Display Mode General navigation
In display mode, you can move forward or back through the images stored on the camera's memory card by pressing the "+" and "-" buttons on the back panel. You can also select a "multi mode" display, which shows small thumbnails of the pictures, 4, 9, or even 16 images at a time. (The number of images shown in multi mode is set by a menu preference.) When in Multi mode, one picture is selected by a white cursor frame around it. You can move the selection forward or back with the +/- keys. Pressing the "OK" button displays the selected picture at full size. In display mode, you can also protect individual images against accidental erasure (by pressing the "lock" button while a picture is displayed), or erase individual images (by pressing the red "erase" button while a picture is displayed).
3x zoom display
If you're trying to see critical detail in a picture you've shot with a digital camera, you're bound to be frustrated by its tiny LCD panels. Following a trend we're beginning to see from several manufacturers, Olympus cleverly side-steps this limitation with the D-400 Zoom by providing a 3x "close-up" display mode. At any time while viewing an image at full size on the display screen, you can activate the D-400's "close-up display" mode by pulling back on the top-panel zoom lever (pulling it toward the "T" position). You'll see a 3x3 grid overlaid on the image, with the central panel highlighted. You can move the highlight around the image using the +/- control buttons. Once you've selected the portion of the image you want to see in greater detail, you can zoom it up to full-screen by pulling the zoom toggle lever to the "T" position again. To return to the 3x3 grid display, just push the toggle lever to the "W" position. A second push to "W" will return you to normal viewing.
In practice, we found it a little cumbersome navigating into the close-up mode, selecting the pane, and then zooming in. On the other hand, this is minor carping, compared to the alternative of not having the capability available at all! - It can be invaluable for closely checking images you've shot. Even better, if you have the Olympus P-300 printer, you can directly print the magnified views of the image, for increased direct-print detail as well.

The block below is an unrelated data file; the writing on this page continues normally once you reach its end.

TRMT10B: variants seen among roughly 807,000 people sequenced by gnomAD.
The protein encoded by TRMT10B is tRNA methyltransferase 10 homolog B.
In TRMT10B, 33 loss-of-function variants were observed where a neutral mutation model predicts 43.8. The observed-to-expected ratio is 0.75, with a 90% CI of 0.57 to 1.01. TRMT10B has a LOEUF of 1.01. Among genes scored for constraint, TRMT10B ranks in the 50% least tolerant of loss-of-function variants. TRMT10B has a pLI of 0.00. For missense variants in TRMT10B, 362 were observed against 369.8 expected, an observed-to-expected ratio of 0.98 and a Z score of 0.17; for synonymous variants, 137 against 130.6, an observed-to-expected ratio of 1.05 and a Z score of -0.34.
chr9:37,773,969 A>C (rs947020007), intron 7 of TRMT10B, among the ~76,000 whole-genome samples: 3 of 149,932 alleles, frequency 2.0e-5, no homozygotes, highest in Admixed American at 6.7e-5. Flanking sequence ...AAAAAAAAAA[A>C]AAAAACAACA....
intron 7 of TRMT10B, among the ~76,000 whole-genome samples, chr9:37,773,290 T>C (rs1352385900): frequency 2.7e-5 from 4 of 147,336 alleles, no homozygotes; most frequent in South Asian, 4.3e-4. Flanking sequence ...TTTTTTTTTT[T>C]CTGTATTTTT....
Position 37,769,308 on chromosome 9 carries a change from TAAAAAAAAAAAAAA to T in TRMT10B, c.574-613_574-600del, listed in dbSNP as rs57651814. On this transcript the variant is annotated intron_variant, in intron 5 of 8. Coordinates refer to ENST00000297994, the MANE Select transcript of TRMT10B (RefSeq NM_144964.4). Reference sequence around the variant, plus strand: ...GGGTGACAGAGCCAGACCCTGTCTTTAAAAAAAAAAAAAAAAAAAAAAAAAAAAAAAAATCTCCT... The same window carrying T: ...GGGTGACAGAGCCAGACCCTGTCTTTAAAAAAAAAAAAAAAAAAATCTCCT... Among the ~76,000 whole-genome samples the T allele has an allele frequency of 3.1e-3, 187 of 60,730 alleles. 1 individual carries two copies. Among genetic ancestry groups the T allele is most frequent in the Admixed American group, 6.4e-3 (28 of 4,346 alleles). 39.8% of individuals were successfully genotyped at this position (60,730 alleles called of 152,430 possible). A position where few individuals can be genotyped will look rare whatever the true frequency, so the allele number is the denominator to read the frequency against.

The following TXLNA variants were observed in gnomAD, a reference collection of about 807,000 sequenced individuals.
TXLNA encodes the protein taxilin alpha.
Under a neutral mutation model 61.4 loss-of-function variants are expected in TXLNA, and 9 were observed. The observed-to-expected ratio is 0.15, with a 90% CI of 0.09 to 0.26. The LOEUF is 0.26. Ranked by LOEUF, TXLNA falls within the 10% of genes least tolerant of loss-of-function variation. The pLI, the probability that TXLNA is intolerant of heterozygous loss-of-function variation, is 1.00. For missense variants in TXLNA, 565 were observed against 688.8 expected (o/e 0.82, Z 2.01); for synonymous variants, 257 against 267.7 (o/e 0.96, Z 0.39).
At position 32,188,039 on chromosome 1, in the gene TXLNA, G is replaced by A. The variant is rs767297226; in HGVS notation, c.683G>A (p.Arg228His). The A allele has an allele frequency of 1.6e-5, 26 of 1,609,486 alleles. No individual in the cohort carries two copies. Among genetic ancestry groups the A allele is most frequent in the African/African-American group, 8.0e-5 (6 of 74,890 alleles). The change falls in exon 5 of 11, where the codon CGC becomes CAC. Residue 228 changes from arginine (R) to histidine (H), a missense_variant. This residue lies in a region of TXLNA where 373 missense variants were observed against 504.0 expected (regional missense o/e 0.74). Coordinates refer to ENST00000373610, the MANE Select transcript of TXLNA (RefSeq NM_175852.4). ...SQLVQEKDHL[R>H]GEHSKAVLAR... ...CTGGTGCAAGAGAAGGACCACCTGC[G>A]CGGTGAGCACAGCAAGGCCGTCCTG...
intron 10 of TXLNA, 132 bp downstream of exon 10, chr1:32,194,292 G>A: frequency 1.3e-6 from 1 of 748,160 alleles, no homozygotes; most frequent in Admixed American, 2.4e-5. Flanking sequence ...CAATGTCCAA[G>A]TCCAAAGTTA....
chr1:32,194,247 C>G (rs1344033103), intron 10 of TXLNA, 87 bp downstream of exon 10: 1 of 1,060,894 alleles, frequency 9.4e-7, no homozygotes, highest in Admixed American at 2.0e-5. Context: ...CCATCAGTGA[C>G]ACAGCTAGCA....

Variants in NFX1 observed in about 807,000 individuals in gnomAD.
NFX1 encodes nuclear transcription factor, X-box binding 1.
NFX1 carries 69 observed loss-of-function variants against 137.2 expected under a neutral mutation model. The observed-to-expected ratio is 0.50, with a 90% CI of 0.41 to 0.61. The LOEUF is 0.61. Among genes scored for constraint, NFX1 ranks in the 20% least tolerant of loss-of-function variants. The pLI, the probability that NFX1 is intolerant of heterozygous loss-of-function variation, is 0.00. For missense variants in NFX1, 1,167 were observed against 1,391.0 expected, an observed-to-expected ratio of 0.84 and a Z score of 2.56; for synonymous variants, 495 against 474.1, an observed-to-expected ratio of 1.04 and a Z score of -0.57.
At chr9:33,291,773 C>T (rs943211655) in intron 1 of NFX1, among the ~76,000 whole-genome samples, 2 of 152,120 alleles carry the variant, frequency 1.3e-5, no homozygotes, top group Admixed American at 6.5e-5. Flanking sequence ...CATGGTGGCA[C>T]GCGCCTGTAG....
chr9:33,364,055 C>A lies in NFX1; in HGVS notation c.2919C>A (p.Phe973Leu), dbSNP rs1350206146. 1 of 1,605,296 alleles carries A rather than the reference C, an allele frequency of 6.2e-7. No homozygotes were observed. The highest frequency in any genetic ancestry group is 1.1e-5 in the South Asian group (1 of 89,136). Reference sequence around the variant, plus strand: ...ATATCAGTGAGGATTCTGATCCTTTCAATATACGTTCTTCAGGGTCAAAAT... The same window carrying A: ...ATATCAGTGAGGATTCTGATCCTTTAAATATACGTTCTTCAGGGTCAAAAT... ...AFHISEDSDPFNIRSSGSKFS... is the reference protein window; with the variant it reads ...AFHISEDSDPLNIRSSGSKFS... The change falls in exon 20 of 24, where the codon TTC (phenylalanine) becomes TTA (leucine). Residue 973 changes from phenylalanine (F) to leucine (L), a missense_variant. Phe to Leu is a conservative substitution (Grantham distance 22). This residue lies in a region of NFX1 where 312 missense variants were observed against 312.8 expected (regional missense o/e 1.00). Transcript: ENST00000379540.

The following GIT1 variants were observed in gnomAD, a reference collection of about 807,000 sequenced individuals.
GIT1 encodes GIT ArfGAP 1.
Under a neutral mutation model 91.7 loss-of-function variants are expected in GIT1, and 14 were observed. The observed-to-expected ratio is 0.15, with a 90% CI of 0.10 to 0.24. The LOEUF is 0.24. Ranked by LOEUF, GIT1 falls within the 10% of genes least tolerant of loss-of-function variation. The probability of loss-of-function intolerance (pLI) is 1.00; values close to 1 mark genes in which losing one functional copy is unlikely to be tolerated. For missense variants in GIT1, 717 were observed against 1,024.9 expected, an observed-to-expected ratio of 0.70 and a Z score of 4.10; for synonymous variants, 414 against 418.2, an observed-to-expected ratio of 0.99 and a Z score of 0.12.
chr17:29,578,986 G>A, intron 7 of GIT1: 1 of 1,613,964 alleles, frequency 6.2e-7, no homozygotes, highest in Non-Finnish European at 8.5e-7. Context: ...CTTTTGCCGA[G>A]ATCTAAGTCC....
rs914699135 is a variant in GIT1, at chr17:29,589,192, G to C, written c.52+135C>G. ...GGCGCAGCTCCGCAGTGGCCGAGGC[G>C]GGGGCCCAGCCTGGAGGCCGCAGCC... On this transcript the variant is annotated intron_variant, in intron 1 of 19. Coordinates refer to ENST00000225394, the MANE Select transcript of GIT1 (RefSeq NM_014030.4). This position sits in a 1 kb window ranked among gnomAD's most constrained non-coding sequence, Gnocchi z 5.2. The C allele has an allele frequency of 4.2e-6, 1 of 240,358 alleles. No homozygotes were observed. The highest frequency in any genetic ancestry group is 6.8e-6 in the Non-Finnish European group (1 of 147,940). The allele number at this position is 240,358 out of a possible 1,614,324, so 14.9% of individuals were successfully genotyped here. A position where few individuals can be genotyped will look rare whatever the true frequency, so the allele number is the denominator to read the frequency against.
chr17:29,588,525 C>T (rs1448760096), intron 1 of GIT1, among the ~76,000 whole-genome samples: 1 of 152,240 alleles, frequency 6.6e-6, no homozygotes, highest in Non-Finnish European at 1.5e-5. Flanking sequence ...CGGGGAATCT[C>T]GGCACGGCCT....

Speaking of printing, the D-400 Zoom has several features which support printing directly from the camera to the slick little P-300 dye-sublimation printer. Options include single-image printing, marking multiple images in the camera's memory for batch printing, printing "zoomed" sections of images as just mentioned above, and printing multi-image stickers, either 4 or 16 images per sheet. (My boys don't seem to be of an age that's affected by it, but stickers with your picture on them appear to be the latest craze among the young-teen set.) The back-panel controls provide quick access to print functions, and the display-mode menu system lets you select the number of stickers per sheet you want to print. We didn't use it with the D-400 Zoom, but our earlier experience with the P-300 printer led us to like it quite a bit: The images really have a glossy, "photographic" look and feel to them, and it's nice not to have to fire up the computer and two or three different programs just to get some quick prints out.
Display-Mode Menu Functions